“Why TeX is not WYSIWYG” outlines the reasons (or excuses) for the huge disparity of user interface between “typical” TeX environments and commercial word processors.
Nowadays, at last, there is a range of tools available that try either to bridge or to close the gap. One range modestly focuses on providing the user with a legible source document. The low end of the prettifying range is occupied by syntax highlighting: marking TeX tokens, comments and other stuff with special colors. Many free editors can cater for TeX in this way. At the other extreme we have TeXmacs, a document processor using TeX's algorithms and fonts for both editor display and printing. TeXmacs does not use the TeX language itself (though among other formats, LaTeX may be exported and imported). A bit closer to LaTeX is LyX, which has its own editor display and file formats as well, but does its print output by exporting to LaTeX. The editor display merely resembles the printed output, but you have the possibility of entering arbitrary LaTeX code. If you use constructs that LyX does not understand, it will just display them as source text marked red, but will properly export them.
Since a lot of work is needed to create an editor from scratch that actually is good at editing (as well as catering for TeX), it is perhaps no accident that several approaches have been implemented using the extensible Emacs editor. There are though a very large number of (La)TeX-specific editors: see https://tex.stackexchange.com/q/339/ for a (non-comprehensive) list.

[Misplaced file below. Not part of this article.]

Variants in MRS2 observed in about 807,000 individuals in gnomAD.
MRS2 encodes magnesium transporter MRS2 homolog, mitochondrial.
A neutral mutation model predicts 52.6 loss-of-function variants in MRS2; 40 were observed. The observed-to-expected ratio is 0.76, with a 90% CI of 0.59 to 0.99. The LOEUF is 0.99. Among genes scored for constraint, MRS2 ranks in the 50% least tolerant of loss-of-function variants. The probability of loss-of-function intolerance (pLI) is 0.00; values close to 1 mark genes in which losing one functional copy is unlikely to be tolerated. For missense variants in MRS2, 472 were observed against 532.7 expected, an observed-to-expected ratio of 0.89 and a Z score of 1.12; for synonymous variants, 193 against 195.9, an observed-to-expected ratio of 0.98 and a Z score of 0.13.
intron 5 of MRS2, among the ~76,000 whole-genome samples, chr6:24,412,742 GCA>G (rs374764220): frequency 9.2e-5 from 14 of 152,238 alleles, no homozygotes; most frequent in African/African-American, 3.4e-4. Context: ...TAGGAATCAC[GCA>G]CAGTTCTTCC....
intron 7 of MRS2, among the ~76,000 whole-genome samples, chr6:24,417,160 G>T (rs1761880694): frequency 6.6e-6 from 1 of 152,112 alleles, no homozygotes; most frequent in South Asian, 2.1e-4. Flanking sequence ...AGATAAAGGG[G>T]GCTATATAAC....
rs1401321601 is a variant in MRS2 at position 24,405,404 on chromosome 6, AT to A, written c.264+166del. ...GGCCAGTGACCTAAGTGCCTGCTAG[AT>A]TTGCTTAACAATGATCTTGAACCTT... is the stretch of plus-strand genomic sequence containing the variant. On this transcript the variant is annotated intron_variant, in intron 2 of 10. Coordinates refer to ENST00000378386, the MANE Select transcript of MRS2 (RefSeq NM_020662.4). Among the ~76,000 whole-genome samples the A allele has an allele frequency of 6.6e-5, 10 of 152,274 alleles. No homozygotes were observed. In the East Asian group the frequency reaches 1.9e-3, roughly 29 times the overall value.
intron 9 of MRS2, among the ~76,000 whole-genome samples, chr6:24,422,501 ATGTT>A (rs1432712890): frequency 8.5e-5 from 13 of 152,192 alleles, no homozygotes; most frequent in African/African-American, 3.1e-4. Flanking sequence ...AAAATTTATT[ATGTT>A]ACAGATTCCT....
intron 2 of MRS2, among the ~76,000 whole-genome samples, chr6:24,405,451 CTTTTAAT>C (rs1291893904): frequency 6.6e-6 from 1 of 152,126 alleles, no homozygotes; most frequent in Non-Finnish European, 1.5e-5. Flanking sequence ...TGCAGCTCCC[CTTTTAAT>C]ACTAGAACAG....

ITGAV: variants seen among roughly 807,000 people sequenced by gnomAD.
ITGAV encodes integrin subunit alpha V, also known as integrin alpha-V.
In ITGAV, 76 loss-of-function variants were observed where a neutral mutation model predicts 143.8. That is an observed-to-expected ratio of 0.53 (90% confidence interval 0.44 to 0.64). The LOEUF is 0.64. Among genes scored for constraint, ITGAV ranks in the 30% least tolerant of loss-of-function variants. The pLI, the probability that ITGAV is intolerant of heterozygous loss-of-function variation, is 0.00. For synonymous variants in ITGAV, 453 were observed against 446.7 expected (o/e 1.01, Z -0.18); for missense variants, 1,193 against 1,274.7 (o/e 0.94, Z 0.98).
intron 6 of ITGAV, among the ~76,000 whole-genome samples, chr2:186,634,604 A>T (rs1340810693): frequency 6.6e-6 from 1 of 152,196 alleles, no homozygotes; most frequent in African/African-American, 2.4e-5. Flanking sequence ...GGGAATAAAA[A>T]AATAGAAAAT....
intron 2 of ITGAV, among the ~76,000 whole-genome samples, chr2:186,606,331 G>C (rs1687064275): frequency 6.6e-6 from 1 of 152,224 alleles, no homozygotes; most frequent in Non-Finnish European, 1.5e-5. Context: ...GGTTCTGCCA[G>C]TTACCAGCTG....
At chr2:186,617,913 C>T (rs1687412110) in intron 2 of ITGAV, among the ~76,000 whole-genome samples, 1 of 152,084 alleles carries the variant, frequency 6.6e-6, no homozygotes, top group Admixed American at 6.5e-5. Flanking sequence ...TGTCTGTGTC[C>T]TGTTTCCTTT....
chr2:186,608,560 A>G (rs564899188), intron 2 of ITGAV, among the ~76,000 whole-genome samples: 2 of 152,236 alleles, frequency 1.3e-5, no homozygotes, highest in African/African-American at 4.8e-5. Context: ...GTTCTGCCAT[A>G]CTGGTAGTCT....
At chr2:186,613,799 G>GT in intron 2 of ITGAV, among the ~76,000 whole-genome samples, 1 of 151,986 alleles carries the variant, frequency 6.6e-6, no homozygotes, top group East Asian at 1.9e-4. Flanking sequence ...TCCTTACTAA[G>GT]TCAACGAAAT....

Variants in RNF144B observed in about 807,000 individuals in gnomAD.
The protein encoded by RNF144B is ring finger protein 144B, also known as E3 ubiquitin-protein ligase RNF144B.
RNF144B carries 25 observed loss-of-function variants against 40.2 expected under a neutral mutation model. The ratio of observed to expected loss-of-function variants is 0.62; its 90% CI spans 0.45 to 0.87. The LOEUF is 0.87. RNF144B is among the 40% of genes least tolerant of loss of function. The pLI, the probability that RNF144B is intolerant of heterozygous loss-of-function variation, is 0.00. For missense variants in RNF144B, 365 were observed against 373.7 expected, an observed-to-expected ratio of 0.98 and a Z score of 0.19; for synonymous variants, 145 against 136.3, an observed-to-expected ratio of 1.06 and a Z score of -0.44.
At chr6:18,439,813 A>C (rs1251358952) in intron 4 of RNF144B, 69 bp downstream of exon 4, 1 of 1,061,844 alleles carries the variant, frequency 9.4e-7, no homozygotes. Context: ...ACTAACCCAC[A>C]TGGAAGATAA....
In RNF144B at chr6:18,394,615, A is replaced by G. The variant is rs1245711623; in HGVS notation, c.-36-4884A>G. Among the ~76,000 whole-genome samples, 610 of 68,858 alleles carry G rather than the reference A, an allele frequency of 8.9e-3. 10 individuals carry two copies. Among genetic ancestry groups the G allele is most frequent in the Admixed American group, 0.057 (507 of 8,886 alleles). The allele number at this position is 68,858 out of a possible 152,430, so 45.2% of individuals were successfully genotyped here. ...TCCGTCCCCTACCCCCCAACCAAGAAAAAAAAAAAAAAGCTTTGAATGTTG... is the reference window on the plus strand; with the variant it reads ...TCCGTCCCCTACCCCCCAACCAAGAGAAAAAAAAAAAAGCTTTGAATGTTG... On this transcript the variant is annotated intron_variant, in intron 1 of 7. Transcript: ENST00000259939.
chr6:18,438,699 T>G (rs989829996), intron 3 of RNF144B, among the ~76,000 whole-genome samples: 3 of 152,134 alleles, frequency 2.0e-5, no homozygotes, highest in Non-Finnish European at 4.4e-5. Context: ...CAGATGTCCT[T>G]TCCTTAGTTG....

A different type of tool focuses on making update and access to previews of the typeset document more immediate. This is typically handled using a system called SyncTeX, which allows the relationship between lines in input and position in PDF output to be tracked. Thus it is possible to switch directly from a (potentially long) source to the resulting output, or vice versa. A very large number of the editors mentioned above support this technology.
The different approaches offer various choices differing in the immediacy of their response, the screen area they work on (source or separate window), degree of correspondence of the display to the final output, and the balance they strike between visual aid and visual distraction.